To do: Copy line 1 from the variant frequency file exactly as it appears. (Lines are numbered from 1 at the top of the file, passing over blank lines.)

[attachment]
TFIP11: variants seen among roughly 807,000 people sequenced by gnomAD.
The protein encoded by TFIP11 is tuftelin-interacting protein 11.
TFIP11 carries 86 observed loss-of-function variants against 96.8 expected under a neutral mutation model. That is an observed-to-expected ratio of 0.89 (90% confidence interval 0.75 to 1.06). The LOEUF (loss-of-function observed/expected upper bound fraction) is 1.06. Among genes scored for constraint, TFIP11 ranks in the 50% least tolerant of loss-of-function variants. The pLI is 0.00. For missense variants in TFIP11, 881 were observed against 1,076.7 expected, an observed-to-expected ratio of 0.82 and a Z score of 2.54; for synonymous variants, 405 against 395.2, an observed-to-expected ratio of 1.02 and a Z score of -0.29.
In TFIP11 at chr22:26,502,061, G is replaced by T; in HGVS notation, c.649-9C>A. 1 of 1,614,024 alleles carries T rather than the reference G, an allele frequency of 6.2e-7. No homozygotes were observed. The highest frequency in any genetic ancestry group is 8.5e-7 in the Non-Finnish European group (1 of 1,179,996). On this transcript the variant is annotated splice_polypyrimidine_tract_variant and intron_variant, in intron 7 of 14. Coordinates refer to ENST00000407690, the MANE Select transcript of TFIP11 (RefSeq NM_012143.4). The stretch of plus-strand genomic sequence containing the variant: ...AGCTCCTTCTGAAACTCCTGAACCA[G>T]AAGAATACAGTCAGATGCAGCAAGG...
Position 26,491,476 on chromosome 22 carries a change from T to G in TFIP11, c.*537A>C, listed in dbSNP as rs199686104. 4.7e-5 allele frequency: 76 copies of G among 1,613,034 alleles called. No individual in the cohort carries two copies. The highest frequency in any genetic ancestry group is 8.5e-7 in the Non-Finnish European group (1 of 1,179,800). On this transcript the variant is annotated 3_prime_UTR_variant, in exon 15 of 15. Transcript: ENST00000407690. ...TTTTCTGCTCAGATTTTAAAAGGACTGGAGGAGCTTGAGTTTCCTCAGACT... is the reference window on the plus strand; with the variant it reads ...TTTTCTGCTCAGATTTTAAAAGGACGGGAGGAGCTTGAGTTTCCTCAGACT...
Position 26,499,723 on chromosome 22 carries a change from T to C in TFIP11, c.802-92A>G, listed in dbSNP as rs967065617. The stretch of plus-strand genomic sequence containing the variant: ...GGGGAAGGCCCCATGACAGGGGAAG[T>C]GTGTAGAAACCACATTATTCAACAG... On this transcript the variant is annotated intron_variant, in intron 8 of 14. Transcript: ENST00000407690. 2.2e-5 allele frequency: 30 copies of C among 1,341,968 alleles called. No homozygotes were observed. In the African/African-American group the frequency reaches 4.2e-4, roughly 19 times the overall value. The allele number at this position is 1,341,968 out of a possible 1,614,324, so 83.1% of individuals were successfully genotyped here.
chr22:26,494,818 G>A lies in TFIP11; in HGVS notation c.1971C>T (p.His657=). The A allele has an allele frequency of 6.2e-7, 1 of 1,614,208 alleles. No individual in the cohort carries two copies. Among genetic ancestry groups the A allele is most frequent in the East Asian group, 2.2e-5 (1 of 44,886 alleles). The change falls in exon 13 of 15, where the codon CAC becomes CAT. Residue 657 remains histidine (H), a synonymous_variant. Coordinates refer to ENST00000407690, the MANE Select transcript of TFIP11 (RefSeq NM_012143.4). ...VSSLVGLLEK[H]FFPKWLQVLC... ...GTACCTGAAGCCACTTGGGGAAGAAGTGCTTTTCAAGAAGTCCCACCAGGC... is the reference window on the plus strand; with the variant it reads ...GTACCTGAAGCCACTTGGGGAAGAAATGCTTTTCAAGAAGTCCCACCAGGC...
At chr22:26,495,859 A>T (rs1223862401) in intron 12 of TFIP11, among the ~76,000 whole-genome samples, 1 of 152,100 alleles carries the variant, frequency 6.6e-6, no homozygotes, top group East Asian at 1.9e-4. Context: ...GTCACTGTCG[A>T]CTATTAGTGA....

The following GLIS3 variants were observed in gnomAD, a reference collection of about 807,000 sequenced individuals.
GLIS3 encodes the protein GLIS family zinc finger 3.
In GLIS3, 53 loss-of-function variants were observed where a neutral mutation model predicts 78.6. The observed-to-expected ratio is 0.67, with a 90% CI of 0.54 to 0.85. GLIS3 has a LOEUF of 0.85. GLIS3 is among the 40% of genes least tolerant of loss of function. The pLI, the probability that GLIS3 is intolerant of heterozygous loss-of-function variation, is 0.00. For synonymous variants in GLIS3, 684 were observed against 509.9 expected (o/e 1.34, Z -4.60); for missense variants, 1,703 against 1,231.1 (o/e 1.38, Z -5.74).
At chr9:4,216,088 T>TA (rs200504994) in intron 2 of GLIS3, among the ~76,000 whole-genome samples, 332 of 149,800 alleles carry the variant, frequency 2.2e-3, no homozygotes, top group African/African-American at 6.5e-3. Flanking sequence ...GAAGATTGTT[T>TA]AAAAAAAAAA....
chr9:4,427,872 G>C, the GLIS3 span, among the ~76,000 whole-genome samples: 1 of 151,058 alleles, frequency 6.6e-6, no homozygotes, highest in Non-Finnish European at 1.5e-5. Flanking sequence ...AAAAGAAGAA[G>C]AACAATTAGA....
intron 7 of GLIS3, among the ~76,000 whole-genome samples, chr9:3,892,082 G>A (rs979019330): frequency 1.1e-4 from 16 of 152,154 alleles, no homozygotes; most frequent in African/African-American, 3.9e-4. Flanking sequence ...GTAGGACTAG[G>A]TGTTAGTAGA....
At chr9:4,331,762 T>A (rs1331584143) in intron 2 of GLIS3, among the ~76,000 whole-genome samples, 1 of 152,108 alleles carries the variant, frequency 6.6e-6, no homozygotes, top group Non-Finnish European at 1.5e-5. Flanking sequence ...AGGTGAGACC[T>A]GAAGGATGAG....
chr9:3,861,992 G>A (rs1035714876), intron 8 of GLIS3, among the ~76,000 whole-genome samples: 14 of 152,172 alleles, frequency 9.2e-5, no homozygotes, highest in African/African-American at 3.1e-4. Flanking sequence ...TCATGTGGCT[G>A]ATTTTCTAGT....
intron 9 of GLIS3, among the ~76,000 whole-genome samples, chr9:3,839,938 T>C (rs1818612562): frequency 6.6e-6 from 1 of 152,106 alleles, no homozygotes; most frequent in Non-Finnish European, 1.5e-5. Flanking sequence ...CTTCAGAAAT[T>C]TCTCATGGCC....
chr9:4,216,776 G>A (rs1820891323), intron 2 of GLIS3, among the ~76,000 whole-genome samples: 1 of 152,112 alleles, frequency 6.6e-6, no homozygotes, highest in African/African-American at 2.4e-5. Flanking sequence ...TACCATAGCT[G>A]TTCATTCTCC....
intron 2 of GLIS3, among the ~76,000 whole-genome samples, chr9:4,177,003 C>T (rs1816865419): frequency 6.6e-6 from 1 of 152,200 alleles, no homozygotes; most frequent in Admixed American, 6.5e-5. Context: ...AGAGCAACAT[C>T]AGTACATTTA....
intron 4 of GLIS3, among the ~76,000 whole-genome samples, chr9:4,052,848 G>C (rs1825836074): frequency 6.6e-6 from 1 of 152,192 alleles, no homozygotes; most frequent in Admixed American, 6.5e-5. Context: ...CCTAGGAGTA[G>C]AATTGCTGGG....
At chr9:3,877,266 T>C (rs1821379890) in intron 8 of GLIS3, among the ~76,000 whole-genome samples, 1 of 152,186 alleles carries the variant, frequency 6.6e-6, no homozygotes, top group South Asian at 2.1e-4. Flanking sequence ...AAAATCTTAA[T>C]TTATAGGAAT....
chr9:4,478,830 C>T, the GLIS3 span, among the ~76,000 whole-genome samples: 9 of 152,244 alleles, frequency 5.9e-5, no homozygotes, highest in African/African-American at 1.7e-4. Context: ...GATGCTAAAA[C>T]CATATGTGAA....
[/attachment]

TFIP11: variants seen among roughly 807,000 people sequenced by gnomAD.